Byers Levy was riding his bicycle around Lake Hollingsworth on a Sunday afternoon when Ronald Akins – who had been drinking – veered across the double yellow line and into the bike lane, striking and killing Levy.
Akins, 78, pled guilty to DUI manslaughter on Jan. 13 and tried to convince Judge Durden at sentencing Friday that he was sorry for the death of 59-year-old Levy and that his plea was a reflection of that. Durden said he didn’t find a plea indicative of true remorse; he sentenced Akins to 10 years and five months in prison and almost five years of probation.
Assistant State Attorney Michael Nutter asked Durden to sentence Akins to 15 years, adding that Levy paid the ultimate price for Akins’ decision to drink and drive, so Akins should “suffer the most harsh penalty allowed under the law.”
Levy’s family echoed Nutter’s request.
“A life sentence has been imposed on this man (Levy) that will last longer than any sentence you impose on this man (Akins). It’s unforgivable,” said Spencer Phelps, Levy’s younger brother, who struggled to stay composed while addressing Akins. “I hope the enormity of the wrong you’ve done to others settles over you every day, as it does to those who love Byers.”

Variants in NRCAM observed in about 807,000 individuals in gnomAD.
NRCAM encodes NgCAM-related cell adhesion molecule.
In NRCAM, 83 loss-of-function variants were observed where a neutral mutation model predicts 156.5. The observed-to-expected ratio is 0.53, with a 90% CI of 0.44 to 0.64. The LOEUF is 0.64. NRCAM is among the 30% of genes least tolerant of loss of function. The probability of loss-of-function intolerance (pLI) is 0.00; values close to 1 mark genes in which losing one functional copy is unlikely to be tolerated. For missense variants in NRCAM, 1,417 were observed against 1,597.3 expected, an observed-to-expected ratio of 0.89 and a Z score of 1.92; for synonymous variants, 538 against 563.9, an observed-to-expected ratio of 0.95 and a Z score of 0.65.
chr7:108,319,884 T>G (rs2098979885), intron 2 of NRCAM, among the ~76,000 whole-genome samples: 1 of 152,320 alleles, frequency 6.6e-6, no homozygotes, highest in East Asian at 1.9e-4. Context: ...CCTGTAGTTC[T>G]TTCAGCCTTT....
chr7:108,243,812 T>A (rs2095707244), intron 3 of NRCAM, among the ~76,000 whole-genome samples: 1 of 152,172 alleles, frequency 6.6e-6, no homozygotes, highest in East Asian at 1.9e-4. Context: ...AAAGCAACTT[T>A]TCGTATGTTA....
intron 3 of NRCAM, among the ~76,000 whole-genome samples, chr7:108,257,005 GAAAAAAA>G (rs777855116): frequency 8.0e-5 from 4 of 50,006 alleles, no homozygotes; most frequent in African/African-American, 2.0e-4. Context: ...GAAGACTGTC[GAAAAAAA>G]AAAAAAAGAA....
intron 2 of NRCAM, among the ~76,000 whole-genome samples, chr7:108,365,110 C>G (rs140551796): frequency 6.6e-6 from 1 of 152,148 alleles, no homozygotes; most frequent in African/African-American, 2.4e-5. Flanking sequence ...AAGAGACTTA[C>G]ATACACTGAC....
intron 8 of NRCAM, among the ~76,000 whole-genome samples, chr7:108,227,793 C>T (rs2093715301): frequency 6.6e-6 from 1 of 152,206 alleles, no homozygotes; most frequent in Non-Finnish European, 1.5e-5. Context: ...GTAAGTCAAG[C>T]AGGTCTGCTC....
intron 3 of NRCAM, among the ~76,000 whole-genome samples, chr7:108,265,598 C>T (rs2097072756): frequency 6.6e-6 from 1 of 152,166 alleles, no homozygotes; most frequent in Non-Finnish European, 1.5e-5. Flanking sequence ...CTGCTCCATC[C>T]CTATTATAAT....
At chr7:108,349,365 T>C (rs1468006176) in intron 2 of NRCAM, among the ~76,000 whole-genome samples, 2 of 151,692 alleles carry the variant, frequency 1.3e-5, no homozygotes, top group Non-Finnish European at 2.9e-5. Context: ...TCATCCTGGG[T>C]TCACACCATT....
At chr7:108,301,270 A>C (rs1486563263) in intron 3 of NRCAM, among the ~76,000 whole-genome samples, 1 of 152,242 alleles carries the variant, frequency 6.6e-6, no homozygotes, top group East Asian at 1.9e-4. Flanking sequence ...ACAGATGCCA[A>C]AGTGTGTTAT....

Akins’ family asked the judge to use discretion because of his failing health, and his attorney referenced his multiple ailments from an affidavit his doctor provided. But Nutter also submitted an affidavit stating the Department of Corrections is capable and equipped to handle any and all of Akins’ health issues.
Durden said that Akins’ decision to not take the case to trial showed some responsibility, but it was not sufficient to outweigh the law.
After his sentencing, Akins told the judge he feels remorse for everything that happened, especially when he’s near Lake Hollingsworth and sees people on their bikes. He also expressed his concern about who would take care of his wife when he’s in jail.
Durden reminded him that the lives of many people have been greatly affected by his decision to drink and drive, including Akins’ own family.
“That’s a consequence of virtually every case where there’s a victim,” Durden said.